Until 1980, the greatest advances in the management of rectal
cancer were technical ones. Whereas in the past most patients
with rectal cancer underwent an abdominoperineal resection, it
became possible in the 1980s to maintain intestinal continuity
in the majority of patients with a low anterior resection and
colorectal anastomosis and, more recently, with a low anterio
resection and coloanal anastomosis. These advances were due, in
part, to the development of stapling devices, which allowed surgeons
to perform anastomoses that were technically difficult to perform
by hand. More importantly, it became clear that in tumors identified
at a relatively early stage, retrograde tumor spread was uncommon,
and a 2-cm distal margin was generally adequate.
In the late 1960s and early '70s, adjuvant radiation studies reported
better local control in patients with locally advanced disease
but no overall survival benefit. These studies provided important
information about the risk of local recurrence and identified
the subset of patients who benefited from adjuvant radiation therapy.
Single-agent adjuvant chemotherapy trials also failed to show
a survival benefit when such therapy was given with radiation
therapy for rectal cancer. However, recognition of the high risk
of local recurrence in patients with tumors involving the full
thickness of the bowel wall, or in patients with lymph node metastases,
led to randomized trials using combined-modality chemotherapy
and radiation therapy.
In 1986, the Gastrointestinal Tumor Study Group (GITSG) reported
the first evidence that an overall survival benefit could be achieved
using adjuvant chemotherapy and radiation therapy. The chemotherapy
employed incorporated fluorouracil (5-FU), vincristine, and methyl-CCNU
(semustine). Chemotherapy alone did not produce a survival benefit,
but combined-modality therapy did. In a study reported 3 years
later by the National Surgical Adjuvant Breast and Bowel Project
(NSABP), chemotherapy did confer a survival benefit in a select
subset of patients. The Mayo/North Central Cancer Treatment Group
(NCCTG) randomized trial comparing radiation therapy alone with
chemotherapy and radiation therapy also demonstrated a survival
advantage afforded by combined adjuvant chemoradiation.
Focus Shifts to Adjuvant Therapy
These studies changed the focus of rectal cancer management for
the next generation. Surgical management took a back seat to this
new and exciting work on adjuvant chemotherapy and radiation therapy,
and the focus in the 1990s has been to maximize the benefit of
adjuvant therapy. During this decade, national cooperative group
studies have attempted to address numerous questions about the
optimal administration of adjuvant therapy. The NSABP is studying
the necessity of using radiation therapy in combination with chemotherapy.
The intergroup has demonstrated that the leukemogenic methyl-CCNU
is not necessary. Ongoing studies are examining other 5-FU regimens,
which include levamisole
(Ergamisol) and leucovorin, and are comparing bolus with prolonged
IV infusion of 5-FU. Clearly, the optimal regimen that minimizes
toxicity and produces maximal tumor control has yet to be defined.
Another direction for adjuvant treatment of rectal cancer under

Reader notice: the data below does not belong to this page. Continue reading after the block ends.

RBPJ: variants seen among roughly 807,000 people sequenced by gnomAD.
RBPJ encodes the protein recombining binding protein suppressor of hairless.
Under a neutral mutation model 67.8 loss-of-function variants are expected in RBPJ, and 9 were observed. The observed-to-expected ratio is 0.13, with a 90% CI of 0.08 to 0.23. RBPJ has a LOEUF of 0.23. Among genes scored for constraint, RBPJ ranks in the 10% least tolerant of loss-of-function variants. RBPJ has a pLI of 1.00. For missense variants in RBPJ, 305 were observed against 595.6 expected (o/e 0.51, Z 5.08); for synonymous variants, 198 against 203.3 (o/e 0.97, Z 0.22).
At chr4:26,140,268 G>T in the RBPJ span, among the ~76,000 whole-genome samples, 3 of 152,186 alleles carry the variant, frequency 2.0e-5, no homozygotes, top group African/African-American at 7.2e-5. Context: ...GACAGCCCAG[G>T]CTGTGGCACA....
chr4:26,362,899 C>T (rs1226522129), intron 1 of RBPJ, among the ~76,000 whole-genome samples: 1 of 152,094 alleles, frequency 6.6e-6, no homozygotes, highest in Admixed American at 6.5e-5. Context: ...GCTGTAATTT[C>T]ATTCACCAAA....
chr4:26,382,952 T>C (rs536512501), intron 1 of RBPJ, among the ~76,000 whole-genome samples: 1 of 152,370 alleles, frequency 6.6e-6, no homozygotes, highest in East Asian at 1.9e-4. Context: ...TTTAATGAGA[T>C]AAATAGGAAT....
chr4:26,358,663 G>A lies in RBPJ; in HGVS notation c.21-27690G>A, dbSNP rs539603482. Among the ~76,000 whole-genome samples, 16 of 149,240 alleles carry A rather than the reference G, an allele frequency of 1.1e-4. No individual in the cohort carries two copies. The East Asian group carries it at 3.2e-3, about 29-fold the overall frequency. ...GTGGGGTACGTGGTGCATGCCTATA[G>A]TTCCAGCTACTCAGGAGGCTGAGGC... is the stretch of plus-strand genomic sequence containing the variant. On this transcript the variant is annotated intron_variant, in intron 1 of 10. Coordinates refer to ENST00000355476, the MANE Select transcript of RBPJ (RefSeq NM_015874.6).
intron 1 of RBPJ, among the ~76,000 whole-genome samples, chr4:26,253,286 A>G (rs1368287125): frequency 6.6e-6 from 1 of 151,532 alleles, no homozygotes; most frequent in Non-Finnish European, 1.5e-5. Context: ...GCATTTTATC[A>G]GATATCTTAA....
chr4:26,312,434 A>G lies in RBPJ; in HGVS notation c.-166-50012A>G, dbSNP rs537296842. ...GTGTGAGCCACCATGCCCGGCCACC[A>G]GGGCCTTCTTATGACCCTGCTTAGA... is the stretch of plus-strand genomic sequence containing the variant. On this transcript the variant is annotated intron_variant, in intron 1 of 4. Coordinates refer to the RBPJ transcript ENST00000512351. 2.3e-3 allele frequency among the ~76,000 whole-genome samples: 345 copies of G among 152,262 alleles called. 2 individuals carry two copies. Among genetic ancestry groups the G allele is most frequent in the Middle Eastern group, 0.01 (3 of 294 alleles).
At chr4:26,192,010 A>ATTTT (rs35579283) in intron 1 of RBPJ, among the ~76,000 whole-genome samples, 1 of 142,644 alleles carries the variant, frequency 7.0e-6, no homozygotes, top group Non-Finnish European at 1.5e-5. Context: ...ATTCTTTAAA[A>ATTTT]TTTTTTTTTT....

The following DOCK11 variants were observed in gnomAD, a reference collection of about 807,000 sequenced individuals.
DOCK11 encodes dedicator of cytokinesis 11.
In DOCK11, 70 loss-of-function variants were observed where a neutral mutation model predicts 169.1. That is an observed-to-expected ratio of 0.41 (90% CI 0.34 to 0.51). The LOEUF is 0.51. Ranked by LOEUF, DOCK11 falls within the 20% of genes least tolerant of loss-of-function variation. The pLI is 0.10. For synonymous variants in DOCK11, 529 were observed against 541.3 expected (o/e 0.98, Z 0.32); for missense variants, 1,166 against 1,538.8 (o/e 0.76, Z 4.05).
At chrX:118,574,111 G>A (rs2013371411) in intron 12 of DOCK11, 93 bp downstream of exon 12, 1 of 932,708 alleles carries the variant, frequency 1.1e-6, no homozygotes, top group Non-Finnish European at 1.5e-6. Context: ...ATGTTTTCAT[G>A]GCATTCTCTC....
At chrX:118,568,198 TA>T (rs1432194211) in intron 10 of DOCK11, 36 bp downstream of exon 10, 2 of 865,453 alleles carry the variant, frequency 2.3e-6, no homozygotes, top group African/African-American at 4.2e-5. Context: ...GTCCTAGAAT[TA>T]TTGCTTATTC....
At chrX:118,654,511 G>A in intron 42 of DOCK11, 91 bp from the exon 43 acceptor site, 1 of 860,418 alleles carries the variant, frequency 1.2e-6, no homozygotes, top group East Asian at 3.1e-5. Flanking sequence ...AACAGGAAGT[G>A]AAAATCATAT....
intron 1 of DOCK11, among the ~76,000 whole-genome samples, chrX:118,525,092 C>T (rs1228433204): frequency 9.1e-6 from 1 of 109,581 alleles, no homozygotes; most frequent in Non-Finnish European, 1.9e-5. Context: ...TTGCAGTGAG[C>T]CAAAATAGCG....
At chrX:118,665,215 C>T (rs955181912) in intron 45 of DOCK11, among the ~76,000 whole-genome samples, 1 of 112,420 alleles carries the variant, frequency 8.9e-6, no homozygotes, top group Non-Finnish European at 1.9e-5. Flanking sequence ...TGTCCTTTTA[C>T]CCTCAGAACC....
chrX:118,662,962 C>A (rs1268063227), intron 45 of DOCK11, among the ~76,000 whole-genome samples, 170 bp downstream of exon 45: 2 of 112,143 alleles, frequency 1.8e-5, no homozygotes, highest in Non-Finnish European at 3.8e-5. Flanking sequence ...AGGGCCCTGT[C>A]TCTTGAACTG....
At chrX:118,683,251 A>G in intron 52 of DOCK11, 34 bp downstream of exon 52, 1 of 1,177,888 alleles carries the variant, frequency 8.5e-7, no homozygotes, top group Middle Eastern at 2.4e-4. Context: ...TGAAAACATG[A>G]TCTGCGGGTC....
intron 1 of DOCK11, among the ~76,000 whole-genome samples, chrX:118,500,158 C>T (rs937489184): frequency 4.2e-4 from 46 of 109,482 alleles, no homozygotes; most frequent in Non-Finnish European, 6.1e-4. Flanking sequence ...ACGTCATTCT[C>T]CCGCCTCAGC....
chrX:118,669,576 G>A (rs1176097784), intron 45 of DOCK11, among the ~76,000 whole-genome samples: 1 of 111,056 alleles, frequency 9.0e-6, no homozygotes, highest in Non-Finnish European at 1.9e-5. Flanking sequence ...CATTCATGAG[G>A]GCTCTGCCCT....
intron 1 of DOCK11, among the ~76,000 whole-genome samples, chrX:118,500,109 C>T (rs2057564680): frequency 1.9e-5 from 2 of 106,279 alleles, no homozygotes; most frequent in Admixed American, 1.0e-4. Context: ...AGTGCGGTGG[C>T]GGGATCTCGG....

investigation for the past decade is preoperative adjuvant therapy.
This approach requires preoperative identification of a tumor
that penetrates the full thickness of the bowel wall. Improved
CT scans, pelvic MRI, and the advent of intraluminal ultrasound
have made this possible with a high degree of accuracy. The newest
Radiation Therapy Oncology Group (RTOG) and NSABP protocols compare
preoperative with postoperative adjuvant therapy.
Review of Surgery Is Timely
Dr. Enker's excellent review of the surgical management of rectal
cancer is timely. He reminds us that, in this group of patients
with rectal cancer that is through the bowel wall or node-positive,
surgery alone cures about 50% of patients.
Dr. Enker makes an appropriate plea for a universal definition
of the rectum anatomically, for the location of the tumor in the
rectum, and for the type of operation. This will become vital
as we enter a new generation of clinical trials in which quality-of-life
issues assume greater importance.
Dr. Enker reviews the anatomy of the rectum, its blood and lymphatic
supply, and the anatomy and function of the pelvic nerves. He
also discusses results of surgery with respect to tumor control;
sphincter preservation; bowel, bladder, and sexual function; and
complications. Significant advances in nerve preservation have
been made in the past decade but have been poorly disseminated
throughout the surgical community, in contrast to the widespread
acceptance of adjuvant chemoradiation therapy.
Total Mesorectal Excision--A Significant Advance
Perhaps the most significant advance in this decade has been in
the surgical management of the disease. Dr. Enker compares the
standard blunt dissection taught and practiced in most centers
with the superior results of a sharp dissection along anatomic
planes of the mesorectum. With total mesorectal excision, the
5-year survival rate is 75% without adjuvant therapy, as compared
with rates of 50% with blunt dissection and about 60% with blunt
dissection and adjuvant chemoradiation. Although the studies of
total mesorectal excision may have some selection biases, these
results have been reproduced often enough to be accepted. In this
era of managed care and cost containment, perhaps we should spend
more time improving surgical management of rectal cancer, rather
than trying to play a costly game of "catch-up" with